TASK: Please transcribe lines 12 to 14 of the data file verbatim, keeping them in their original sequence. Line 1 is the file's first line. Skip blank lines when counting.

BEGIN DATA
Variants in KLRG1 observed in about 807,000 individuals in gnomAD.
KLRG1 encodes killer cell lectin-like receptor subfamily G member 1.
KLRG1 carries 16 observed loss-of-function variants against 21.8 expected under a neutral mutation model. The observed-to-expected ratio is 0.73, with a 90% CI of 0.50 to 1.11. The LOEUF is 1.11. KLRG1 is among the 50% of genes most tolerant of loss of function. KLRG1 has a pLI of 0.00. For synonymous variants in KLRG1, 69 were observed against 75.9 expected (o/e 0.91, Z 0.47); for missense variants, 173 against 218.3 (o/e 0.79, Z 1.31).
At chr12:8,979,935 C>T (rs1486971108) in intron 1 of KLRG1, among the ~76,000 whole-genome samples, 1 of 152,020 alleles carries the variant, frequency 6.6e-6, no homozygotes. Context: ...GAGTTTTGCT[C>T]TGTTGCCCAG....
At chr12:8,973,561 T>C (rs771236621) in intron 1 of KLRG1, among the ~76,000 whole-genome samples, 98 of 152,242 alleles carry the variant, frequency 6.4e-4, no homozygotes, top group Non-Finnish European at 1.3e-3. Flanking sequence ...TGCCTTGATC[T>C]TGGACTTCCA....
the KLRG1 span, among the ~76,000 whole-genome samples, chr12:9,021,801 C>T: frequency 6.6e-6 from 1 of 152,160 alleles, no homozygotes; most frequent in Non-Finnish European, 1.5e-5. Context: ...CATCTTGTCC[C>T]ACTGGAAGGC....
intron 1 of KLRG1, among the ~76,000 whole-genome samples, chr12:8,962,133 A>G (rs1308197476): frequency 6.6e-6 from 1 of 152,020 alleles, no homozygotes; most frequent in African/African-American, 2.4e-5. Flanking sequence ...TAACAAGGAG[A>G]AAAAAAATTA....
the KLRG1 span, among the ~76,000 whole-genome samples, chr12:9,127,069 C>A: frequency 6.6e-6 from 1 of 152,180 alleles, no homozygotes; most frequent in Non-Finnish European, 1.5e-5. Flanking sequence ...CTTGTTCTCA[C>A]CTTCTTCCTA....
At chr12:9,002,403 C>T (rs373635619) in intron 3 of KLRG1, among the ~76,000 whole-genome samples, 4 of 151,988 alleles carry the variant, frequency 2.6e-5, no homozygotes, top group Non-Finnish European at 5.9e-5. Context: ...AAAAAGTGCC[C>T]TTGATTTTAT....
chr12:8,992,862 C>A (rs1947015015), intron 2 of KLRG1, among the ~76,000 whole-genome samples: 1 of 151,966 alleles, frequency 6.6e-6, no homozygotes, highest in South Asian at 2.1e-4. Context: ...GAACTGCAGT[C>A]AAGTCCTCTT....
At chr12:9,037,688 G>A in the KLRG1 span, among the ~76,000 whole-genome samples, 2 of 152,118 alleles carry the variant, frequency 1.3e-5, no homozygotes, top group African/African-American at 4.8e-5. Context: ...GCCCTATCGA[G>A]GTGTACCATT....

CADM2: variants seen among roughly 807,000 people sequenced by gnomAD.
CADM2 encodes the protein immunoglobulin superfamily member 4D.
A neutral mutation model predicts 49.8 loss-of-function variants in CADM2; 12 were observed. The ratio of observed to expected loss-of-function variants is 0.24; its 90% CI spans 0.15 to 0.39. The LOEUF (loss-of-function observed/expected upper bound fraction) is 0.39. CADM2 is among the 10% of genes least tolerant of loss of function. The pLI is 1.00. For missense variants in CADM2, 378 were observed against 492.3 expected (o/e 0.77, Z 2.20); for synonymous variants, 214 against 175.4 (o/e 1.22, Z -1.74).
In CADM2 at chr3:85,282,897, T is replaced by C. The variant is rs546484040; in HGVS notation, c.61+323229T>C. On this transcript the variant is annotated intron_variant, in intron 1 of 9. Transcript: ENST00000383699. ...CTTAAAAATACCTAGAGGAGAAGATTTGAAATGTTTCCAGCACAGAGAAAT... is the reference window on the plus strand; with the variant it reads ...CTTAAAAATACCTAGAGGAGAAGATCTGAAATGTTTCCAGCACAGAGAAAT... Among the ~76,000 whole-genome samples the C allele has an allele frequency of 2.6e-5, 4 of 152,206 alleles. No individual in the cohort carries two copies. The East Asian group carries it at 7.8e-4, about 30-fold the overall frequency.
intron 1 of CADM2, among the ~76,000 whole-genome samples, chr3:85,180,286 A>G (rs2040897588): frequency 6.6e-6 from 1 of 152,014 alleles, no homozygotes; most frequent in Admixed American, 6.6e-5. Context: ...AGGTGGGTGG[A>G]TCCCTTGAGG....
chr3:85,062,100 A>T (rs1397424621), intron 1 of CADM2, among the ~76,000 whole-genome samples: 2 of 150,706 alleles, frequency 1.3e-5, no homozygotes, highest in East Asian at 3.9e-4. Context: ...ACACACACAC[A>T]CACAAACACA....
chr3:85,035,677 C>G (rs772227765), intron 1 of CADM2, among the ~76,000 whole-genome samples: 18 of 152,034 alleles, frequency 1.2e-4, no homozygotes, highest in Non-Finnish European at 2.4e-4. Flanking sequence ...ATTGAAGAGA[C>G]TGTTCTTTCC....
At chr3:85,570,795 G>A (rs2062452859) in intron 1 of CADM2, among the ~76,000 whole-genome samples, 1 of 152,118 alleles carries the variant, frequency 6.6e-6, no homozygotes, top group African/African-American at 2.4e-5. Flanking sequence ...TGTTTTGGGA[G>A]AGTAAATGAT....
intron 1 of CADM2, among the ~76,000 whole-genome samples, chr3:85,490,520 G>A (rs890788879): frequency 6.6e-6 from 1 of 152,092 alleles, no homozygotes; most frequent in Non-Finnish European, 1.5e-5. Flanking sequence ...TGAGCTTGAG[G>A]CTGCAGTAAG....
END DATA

CADM2: variants seen among roughly 807,000 people sequenced by gnomAD.
CADM2 encodes the protein immunoglobulin superfamily member 4D.
A neutral mutation model predicts 49.8 loss-of-function variants in CADM2; 12 were observed. The ratio of observed to expected loss-of-function variants is 0.24; its 90% CI spans 0.15 to 0.39. The LOEUF (loss-of-function observed/expected upper bound fraction) is 0.39. CADM2 is among the 10% of genes least tolerant of loss of function. The pLI is 1.00. For missense variants in CADM2, 378 were observed against 492.3 expected (o/e 0.77, Z 2.20); for synonymous variants, 214 against 175.4 (o/e 1.22, Z -1.74).